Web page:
Training Process vs. Individuation Process

In this paper, I am voicing the feelings of both the training analysts and trainees. We find ourselves under the pressure of the state and the insurance companies. They are beginning to control our work and almost dictate our therapy.

Arwind Vasavada, Ph.D., Dipl. Jungian Analyst (Chicago, Illinois)

Paper presented at the October 25-28, 1995, meeting of the Inter-Regional Society of Jungian Analysts at Tucson, Arizona


In this paper, I am voicing the feelings of both the training analysts and trainees. We find ourselves under the pressure of the state and the insurance companies. They are beginning to control our work and almost dictate our therapy. As we assess the cost of training to trainees and as we satisfy the requirements of the state, we have to make Jung's psychology—which is a path of wisdom—into a technique. Technique has a place in training. We have to teach major concepts intellectually. But because of the pressures mentioned above, neither the training analyst nor the trainee have enough time to assimilate the important message of Jung, which is to discover the religious function within and its deeper implications. I mean to ponder over the meaning of the second half of life, i.e., discovering the eternal and immortal. I will try to make these points clear as I go along.

I believe some of us are beginning to be aware that something is not quite right somewhere.

Let us ask why we chose analytical psychology and not some other discipline to be trained in. What is found in analytical psychology which is not found elsewhere? Jung's psychology speaks to something deeper within us; it resonates with our natural, inner demand to discover undivided wholeness. Life tells us that there is something sacred, and unless we are in touch with it, life is meaningless.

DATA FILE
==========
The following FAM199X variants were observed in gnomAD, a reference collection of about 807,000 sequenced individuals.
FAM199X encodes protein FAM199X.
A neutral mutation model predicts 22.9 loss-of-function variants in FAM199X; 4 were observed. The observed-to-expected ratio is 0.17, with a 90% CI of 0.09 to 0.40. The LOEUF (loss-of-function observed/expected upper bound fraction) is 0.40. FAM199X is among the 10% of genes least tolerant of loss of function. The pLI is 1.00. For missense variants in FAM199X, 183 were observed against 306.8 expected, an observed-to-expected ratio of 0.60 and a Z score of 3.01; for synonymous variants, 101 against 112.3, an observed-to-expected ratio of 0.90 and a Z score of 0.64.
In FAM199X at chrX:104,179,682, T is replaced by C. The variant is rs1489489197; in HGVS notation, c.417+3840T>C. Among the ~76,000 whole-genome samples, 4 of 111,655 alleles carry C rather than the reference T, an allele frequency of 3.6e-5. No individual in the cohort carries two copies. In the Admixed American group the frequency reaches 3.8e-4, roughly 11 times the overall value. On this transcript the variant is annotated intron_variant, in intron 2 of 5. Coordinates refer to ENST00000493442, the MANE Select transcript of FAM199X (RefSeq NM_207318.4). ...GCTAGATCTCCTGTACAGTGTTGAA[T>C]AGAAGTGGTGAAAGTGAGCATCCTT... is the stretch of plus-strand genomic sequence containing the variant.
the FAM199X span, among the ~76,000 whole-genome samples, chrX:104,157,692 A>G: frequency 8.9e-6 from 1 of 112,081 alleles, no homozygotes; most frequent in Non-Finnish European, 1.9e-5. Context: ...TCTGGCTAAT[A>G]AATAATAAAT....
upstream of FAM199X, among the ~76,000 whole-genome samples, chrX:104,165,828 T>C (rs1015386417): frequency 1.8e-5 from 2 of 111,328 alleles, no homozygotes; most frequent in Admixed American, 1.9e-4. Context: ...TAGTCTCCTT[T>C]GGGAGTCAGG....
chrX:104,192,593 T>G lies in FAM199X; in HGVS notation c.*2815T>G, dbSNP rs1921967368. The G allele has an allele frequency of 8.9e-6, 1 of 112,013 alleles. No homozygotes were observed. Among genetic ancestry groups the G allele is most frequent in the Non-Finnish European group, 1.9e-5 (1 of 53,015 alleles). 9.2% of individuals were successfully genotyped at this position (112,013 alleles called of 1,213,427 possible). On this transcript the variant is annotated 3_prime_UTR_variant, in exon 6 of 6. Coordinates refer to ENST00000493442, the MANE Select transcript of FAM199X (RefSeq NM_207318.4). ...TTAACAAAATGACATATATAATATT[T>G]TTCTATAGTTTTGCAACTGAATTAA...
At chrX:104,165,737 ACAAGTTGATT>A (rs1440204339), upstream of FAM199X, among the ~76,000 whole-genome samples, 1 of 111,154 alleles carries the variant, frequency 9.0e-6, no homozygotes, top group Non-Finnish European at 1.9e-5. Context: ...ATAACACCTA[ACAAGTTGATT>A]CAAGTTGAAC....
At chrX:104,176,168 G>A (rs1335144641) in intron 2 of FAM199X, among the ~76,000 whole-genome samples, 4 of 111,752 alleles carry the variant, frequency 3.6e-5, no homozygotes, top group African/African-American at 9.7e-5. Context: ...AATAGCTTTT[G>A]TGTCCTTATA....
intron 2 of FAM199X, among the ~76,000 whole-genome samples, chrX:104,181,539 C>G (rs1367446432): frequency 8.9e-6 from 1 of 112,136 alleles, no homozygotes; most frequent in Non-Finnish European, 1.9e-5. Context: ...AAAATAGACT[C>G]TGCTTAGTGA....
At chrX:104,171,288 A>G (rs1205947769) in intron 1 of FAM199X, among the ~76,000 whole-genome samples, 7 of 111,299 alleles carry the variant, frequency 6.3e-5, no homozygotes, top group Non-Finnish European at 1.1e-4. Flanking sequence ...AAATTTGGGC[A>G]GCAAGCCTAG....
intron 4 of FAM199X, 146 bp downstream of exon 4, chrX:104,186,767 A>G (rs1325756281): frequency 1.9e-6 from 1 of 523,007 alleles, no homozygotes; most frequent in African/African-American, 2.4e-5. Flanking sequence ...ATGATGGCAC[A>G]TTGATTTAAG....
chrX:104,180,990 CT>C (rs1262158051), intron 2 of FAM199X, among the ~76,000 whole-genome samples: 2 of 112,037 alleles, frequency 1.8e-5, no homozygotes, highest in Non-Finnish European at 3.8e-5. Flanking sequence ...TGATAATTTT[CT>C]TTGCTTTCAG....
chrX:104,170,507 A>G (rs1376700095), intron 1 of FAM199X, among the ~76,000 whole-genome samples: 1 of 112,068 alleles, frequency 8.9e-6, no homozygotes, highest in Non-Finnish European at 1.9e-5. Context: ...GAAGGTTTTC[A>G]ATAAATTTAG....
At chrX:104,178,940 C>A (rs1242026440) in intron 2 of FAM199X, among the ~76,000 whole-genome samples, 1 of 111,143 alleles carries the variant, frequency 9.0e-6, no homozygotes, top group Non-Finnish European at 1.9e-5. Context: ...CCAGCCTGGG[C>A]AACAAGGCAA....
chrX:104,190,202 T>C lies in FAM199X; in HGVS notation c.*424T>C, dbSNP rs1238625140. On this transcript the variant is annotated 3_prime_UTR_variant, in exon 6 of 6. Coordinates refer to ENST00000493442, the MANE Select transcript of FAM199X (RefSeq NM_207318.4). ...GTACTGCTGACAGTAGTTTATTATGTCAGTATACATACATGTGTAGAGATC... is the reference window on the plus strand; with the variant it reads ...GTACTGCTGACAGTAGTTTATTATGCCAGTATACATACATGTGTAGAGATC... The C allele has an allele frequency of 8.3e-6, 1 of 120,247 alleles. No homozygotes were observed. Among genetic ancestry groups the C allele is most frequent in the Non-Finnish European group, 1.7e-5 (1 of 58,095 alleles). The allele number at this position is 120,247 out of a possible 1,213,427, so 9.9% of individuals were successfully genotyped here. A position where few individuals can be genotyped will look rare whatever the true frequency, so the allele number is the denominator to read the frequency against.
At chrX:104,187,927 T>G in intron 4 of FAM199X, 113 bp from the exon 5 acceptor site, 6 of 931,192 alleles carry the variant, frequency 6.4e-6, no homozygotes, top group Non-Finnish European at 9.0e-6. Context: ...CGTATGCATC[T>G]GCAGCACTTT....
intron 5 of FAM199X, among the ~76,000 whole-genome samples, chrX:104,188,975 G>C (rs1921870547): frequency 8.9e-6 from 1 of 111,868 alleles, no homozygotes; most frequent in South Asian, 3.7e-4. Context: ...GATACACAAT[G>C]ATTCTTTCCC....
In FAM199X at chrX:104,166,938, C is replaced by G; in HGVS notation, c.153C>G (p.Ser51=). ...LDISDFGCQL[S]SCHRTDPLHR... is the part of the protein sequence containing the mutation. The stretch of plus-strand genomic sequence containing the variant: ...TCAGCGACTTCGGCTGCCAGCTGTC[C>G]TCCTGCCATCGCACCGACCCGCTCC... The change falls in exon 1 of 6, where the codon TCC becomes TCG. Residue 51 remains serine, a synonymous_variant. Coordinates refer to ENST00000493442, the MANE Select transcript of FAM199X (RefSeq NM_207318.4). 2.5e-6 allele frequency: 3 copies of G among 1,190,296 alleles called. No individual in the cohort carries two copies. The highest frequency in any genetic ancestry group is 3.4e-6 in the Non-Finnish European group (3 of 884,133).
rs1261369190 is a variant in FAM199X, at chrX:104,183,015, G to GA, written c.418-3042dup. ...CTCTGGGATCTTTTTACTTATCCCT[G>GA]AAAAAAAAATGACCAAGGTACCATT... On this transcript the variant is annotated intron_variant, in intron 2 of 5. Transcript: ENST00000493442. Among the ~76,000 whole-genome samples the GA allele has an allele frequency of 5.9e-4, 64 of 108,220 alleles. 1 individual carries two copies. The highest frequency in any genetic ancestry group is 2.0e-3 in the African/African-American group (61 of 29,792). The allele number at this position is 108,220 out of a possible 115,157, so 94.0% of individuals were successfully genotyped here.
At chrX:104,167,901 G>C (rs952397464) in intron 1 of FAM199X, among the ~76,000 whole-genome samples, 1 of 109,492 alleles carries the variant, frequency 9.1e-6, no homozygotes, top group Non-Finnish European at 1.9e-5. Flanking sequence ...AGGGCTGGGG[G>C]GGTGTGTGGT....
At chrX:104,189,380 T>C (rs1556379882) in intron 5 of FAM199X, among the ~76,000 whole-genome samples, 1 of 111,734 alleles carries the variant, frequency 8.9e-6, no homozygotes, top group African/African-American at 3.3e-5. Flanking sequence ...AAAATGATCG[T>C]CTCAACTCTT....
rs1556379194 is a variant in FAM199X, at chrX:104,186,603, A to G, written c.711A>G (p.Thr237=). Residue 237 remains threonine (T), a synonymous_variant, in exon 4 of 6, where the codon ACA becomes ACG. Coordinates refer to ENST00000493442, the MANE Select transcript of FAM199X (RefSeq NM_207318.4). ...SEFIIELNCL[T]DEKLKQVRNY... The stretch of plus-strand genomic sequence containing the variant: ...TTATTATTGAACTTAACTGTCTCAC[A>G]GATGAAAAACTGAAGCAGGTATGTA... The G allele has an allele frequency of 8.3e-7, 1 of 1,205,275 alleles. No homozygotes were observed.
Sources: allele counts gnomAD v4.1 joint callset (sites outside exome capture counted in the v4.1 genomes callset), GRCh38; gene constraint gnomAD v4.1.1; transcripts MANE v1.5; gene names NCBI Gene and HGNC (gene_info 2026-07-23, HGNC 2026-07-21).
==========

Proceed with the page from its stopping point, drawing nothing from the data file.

By now, there are training institutes almost all over the world. They require certain qualifications from those who wish to be trained as Jungian analysts. In this country, most of the institutes require post—graduate degrees; in fact, medical degrees are preferred. They require, either a post—graduate degree, or some such degree so that a trainee can practice and be recognized by state laws. We ask candidates to have a certain number of hours of clinical experience also. Thus, we have no place for those without these qualifications. The desire to be free, to touch the sacred, is inborn in all persons. Can we ignore them?

Let us inquire, do these qualifications help us to individuate better? It is obvious that they only give us a respectable persona. Why do our institutes set such requirements of trainees? Is it not because they too wish to present a respectable persona before similar institutions? Can we not be individuated if we do not become a professional analyst? Is it imperative to be trained as a professional Jungian analyst to be individuated? Let us ask ourselves, what really inspired us to call a Jungian analyst to make our first appointment? It is a very important question which will tell us what is really driving us on this path. Was it the inner urge to be individuated, or to be a professional Jungian analyst?